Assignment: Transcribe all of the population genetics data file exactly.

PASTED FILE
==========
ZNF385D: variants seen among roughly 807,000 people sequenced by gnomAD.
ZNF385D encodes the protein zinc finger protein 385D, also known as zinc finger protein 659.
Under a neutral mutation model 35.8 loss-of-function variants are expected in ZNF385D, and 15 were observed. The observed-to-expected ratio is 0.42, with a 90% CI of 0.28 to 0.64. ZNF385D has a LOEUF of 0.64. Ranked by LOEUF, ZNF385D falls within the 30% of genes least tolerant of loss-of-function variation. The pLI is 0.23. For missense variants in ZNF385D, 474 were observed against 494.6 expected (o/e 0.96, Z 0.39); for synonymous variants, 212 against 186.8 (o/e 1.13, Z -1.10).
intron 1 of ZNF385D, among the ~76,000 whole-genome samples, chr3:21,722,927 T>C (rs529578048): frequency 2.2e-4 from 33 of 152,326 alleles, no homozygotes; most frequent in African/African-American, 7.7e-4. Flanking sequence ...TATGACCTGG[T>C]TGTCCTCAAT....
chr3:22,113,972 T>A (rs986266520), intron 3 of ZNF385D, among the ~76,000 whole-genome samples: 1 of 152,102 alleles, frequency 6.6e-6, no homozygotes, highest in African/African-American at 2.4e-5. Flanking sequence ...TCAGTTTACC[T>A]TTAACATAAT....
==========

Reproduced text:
ZNF385D: variants seen among roughly 807,000 people sequenced by gnomAD.
ZNF385D encodes the protein zinc finger protein 385D, also known as zinc finger protein 659.
Under a neutral mutation model 35.8 loss-of-function variants are expected in ZNF385D, and 15 were observed. The observed-to-expected ratio is 0.42, with a 90% CI of 0.28 to 0.64. ZNF385D has a LOEUF of 0.64. Ranked by LOEUF, ZNF385D falls within the 30% of genes least tolerant of loss-of-function variation. The pLI is 0.23. For missense variants in ZNF385D, 474 were observed against 494.6 expected (o/e 0.96, Z 0.39); for synonymous variants, 212 against 186.8 (o/e 1.13, Z -1.10).
intron 1 of ZNF385D, among the ~76,000 whole-genome samples, chr3:21,722,927 T>C (rs529578048): frequency 2.2e-4 from 33 of 152,326 alleles, no homozygotes; most frequent in African/African-American, 7.7e-4. Flanking sequence ...TATGACCTGG[T>C]TGTCCTCAAT....
chr3:22,113,972 T>A (rs986266520), intron 3 of ZNF385D, among the ~76,000 whole-genome samples: 1 of 152,102 alleles, frequency 6.6e-6, no homozygotes, highest in African/African-American at 2.4e-5. Flanking sequence ...TCAGTTTACC[T>A]TTAACATAAT....